Disc of five
Eating a balanced diet is important for our health. The key to eating well is to enjoy a variety of nutritious foods from each of the Five Food Groups. That way, you’ll be getting a fantastic mix of the best nutrients and vitamins. Foods in one group provide similar amounts of the key nutrients of that food group. For example, the key nutrients of the milk, yogurt, cheese and alternatives food group include calcium and protein, while the fruit group is a good source of vitamins, especially vitamin C. To meet the nutrient requirements essential for good health, you need to eat a variety from each of the five food groups daily, in the recommended amounts. It is not necessary to eat from each food group at every meal. In fact, in some instances, you only need to eat some of the foods in each food group a couple of times a week. It is also important to enjoy a variety of foods within each of the Five Food Groups because different foods vary in the amount of the key nutrients that they provide. For example, in the vegetables and legumes food group, orange vegetables such as carrots and pumpkins contain significantly more vitamin A than other vegetables such as potatoes.
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Vegetables & Fruit
Most of us are still not eating enough fruit and vegetables. They should make up over a third of the food we eat each day. Aim to eat at least 5 portions of fruit and veg each day. Remember that fruit juice and smoothies should be limited to no more than a combined total of 150ml a day.
Fruit and vegetables are a good source of vitamins, minerals and fibre.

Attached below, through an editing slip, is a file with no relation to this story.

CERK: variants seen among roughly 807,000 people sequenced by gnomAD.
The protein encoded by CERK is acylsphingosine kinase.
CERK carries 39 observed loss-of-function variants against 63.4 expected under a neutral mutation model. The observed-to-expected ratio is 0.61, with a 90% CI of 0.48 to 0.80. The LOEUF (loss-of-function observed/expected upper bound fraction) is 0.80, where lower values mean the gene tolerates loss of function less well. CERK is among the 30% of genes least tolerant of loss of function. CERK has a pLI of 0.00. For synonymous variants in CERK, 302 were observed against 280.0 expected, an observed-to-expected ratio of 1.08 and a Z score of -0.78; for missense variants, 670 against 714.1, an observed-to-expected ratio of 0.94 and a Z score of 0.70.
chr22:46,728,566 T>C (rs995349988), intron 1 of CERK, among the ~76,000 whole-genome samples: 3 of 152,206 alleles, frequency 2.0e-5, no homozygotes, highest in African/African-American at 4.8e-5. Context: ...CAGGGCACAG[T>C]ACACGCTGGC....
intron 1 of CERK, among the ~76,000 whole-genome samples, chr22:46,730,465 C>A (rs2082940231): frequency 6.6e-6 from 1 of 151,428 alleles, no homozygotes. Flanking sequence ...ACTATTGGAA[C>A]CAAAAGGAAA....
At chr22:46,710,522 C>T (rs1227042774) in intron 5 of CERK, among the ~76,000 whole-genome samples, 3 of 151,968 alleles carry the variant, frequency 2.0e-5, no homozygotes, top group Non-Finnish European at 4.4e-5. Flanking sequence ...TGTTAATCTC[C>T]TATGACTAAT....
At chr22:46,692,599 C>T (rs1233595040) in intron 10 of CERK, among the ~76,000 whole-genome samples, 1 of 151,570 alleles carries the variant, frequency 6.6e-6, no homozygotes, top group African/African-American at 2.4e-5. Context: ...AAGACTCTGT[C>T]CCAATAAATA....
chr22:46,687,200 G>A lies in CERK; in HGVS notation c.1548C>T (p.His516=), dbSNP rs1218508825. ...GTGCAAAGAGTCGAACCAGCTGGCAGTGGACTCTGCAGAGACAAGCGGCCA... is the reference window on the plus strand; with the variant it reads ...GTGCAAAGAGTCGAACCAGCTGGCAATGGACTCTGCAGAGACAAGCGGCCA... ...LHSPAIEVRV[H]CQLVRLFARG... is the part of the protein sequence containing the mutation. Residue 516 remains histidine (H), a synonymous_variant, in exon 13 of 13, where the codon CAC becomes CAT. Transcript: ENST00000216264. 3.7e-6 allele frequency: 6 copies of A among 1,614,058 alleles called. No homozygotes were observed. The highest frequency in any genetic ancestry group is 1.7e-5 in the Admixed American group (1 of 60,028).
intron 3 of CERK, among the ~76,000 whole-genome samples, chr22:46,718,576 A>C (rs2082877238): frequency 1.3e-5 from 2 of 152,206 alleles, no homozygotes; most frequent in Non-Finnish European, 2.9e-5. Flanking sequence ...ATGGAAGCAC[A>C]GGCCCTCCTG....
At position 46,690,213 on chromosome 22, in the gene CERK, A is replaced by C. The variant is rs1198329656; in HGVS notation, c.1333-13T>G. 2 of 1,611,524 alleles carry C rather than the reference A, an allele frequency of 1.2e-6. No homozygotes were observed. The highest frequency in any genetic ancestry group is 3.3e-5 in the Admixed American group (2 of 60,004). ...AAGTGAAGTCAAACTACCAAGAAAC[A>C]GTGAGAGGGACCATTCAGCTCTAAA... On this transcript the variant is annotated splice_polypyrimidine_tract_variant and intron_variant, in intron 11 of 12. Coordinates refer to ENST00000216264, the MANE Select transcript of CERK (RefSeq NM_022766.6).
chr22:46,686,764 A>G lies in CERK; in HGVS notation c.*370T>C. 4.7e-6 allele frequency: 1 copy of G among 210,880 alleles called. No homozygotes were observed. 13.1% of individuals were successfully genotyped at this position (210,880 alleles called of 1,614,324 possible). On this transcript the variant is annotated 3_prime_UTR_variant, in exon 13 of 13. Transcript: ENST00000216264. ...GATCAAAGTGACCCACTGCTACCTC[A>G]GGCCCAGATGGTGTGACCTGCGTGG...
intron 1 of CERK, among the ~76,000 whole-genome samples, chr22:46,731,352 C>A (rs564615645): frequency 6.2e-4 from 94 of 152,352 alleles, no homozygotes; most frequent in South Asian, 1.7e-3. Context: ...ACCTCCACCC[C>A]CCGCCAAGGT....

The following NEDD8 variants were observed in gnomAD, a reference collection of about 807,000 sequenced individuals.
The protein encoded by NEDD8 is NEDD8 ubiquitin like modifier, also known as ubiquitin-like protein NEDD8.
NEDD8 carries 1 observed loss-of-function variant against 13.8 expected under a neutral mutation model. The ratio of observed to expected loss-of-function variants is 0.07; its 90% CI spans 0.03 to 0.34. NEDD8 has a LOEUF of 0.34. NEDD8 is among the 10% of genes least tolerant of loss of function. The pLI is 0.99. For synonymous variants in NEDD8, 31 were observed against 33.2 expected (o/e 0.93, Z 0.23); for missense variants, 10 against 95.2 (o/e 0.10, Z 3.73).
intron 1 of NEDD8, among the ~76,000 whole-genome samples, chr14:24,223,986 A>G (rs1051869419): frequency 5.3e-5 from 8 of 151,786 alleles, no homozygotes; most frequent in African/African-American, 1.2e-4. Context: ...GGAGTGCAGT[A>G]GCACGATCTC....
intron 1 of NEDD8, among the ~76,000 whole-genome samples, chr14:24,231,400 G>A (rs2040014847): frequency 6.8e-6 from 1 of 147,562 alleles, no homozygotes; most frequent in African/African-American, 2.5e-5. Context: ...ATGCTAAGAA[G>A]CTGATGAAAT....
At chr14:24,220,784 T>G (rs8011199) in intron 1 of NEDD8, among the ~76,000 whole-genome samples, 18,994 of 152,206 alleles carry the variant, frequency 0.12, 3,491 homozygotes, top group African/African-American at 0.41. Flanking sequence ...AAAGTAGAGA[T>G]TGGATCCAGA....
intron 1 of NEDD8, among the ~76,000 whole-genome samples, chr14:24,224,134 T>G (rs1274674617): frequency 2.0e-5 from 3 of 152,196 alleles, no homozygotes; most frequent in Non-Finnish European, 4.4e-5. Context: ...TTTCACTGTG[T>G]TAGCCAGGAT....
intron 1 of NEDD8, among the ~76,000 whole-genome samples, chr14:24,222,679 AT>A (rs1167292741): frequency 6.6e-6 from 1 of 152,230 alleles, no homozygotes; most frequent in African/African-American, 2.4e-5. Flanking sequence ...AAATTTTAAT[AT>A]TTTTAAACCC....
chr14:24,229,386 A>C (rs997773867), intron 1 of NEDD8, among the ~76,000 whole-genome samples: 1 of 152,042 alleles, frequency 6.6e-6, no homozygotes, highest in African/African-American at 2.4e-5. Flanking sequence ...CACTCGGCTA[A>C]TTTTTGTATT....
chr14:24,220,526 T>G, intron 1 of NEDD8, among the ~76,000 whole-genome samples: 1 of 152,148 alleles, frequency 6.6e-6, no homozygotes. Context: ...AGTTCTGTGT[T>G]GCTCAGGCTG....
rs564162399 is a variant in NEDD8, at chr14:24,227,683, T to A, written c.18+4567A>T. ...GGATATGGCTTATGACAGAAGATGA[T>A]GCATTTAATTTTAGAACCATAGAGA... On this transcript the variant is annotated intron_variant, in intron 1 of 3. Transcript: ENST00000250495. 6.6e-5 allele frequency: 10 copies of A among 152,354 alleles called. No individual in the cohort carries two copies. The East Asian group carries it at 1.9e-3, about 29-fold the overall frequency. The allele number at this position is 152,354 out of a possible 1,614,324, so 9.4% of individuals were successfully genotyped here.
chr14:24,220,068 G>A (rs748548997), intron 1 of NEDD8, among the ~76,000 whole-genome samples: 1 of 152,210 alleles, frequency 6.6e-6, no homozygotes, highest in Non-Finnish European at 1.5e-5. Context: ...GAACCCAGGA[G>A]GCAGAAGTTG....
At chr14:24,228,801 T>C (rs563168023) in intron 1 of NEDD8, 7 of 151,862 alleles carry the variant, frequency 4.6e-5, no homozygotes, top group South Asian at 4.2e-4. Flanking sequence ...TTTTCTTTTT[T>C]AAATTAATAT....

Oils, Fats & Spreads
Unsaturated fats are healthier fats and include vegetable, rapeseed, olive, and sunflower oil. Remember all types of fat are high in energy and should not be eaten too often.
Dairy, fish, legumes, meat, egg & nuts
Dairy Products: Milk, cheese, yoghurt, and fromage frais are good sources of protein and some vitamins. They are also an important source of calcium, which helps keep our bones strong. Try to go for lower fat and lower sugar products where possible, like 1% fat milk, reduced-fat cheese or plain low-fat yoghurt.
Proteins: These foods are good sources of protein, vitamins, and minerals. Pulses, such as beans, peas, and lentils are good alternatives to meat because they’re lower in fat and higher in fibre and protein. Choose lean cuts of meat and mince and eat less red and processed meat like bacon, ham, and sausages. Aim for at least 2 portions of fish every week, 1 of which should be oily, such as salmon or mackerel.
Bread, cereal products, potatoes & other carbohydrates
Starchy food should make up just over a third of the food we eat. Choose higher fibre wholegrain varieties, such as wholewheat pasta and brown rice, or simply leave skins on potatoes. There are also higher fibre versions of bread and pasta. Starchy foods are a good source of energy and the main source of a range of nutrients in our diet.
Water, lower fat milks and lower sugar or sugar-free drinks all count. Fruit juice and smoothies also count towards your fluid consumption, but they contain sugars that can damage teeth, so limit these drinks to a combined total of 150ml a day.